TRAFFIC SAFETY


These were the REQUIREMENTS which appear in the 2001 Boy Scout Requirements Book. A new Set of Requirements and a new edition of the merit badge pamphlet were introduced on July 23, 2001 at the National Jamboree.

Those Scouts that started this Merit Badge at the 2001 National Jamboree should use the NEW requirements. Once the new Merit badge pamphlet, No. 33391A, dated 2001, is issued, other Scouts may begin using the NEW requirements.

Those that started this badge using Merit Badge Pamphlet 33391, dated 1992, or the 2001 Boy Scout Requirements Book, which include the requirements listed below should finish the badge using these requirements.

To see the NEW requirements Click Here.


  1. Do the following:
    1. Explain and answer questions about the seriousness and the size of the street and highway traffic safety problem in the United States, your state, and your community.
    2.  
      1. Make a scrapbook containing 10 newspaper articles about serious traffic crashes.
      2. List what driving and/or safety rules were violated. Tell how these crashes might have been prevented.
      3. Give one other cause which might have contributed to each crash.
    3. Tell why driving while impaired by alcohol or other drugs is such an important problem.
    4. Explain how highway design, road conditions, and roadside hazards relate to the occurrence and seriousness of traffic crashes.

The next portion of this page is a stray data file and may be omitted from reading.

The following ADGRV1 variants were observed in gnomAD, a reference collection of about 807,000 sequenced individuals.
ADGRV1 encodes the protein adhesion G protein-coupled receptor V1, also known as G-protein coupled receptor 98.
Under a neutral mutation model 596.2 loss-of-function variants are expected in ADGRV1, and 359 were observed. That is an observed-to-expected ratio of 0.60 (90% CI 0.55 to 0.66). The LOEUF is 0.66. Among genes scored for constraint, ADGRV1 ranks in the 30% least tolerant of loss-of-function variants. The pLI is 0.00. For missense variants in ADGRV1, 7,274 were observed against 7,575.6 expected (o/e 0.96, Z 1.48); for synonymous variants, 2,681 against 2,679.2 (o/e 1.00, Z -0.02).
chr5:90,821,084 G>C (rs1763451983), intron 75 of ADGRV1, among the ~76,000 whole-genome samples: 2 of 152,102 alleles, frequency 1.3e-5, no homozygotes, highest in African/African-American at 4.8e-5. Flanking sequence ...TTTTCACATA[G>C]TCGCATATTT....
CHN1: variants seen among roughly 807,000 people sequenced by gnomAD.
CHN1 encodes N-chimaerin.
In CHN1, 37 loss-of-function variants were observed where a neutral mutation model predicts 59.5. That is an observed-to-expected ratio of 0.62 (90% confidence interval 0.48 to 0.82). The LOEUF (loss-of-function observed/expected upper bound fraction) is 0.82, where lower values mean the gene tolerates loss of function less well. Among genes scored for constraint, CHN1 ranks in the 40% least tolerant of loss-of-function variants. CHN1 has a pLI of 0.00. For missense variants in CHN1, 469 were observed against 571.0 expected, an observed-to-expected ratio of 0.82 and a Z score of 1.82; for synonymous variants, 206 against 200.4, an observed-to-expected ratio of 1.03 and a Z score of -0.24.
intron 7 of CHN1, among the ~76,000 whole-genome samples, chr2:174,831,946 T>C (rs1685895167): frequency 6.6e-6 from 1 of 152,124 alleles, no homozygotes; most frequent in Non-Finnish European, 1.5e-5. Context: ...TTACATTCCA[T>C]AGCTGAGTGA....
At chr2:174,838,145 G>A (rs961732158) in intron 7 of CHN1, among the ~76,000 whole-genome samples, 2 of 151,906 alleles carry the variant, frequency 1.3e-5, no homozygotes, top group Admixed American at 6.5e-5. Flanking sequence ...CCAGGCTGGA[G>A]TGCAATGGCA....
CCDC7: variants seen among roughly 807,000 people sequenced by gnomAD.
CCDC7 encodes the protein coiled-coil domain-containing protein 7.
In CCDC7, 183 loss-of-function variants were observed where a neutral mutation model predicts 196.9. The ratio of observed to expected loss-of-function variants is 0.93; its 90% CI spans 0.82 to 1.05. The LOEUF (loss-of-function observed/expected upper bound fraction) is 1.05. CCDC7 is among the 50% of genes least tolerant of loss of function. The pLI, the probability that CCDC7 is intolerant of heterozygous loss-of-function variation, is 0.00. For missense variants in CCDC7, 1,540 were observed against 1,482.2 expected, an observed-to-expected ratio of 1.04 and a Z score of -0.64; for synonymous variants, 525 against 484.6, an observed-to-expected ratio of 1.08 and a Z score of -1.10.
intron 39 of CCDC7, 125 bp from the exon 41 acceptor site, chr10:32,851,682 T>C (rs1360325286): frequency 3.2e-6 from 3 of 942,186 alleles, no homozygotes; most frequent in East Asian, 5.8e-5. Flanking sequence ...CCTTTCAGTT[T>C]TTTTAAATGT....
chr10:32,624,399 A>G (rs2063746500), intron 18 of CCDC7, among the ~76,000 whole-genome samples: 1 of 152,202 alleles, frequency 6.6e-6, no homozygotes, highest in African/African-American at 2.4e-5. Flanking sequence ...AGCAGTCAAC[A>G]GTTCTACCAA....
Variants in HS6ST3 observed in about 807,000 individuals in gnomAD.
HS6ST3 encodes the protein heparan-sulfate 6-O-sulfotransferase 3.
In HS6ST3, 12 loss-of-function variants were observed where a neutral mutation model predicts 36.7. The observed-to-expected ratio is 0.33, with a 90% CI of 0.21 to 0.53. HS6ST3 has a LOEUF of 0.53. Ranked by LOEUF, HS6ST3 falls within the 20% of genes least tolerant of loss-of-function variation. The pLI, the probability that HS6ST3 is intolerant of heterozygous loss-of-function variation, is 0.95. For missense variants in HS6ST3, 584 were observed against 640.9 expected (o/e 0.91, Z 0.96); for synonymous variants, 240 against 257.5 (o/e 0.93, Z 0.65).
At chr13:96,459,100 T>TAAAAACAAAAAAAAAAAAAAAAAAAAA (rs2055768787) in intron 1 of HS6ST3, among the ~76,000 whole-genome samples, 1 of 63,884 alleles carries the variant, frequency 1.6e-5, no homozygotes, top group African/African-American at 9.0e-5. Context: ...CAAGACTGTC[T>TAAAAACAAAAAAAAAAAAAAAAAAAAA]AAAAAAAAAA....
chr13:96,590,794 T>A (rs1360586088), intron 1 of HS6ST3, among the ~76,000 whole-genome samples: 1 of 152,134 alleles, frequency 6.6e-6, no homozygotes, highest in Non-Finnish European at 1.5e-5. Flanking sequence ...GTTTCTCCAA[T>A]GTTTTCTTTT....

2. Describe two safety programs designed to control and reduce the serious effects of the highway traffic safety problem.
  3. Do the following:
    1. List 10 automotive features that reduce the seriousness of injuries when crashes occur.
    2. Tell why safety features are important when buying a car.
    3. Demonstrate how to adjust lap and shoulder belts. Explain why it is important to wear them at all times.
  4. Do the following to show your knowledge of car care for safety maintenance:
    1. Check operation of all exterior lights.
    2. Check operation of all interior lights.
    3. Locate a fuse or circuit breaker on the light or horn circuit.
    4. Check windshield wiper blade and smear-and-clear test. Replace the blade, if needed, and tests.
    5. Check tires for wear and proper inflation.
  5. Do the following:
    1. In a location away from traffic hazards, measure with a tape measure -- not in a car -- and mark off with stakes the distance that a car may travel during the time needed for decision and reaction, and the braking distance necessary to stop a car traveling 30, 45, and 70 miles an hour on dry pavement. Discuss additional allowance that bad weather and road conditions would require.
    2. Using a bicycle, demonstrate four safe practices common to bicycle and automobile driving.
    3. Using the chart of international traffic signs and control devices, explain the meaning of each.
    4. Demonstrate the difference in visibility at night between bicycle and rider properly lighted and marked with a reflectorized material and a bicycle and rider at night with dark clothing and an unlighted bicycle.
  6. Do ONE of the following:
    1. Observe, study, and prepare a report on one important community activity for traffic safety.
    2. Report on a traffic safety project in which you participated with your troop. post, or school.
    3. Report on an individual project that you carried out in promoting traffic safety.

BSA Advancement ID#: 112
Pamphlet Revision Date: 1992
Requirements last revised in 1996


Page updated on: May 02, 2013



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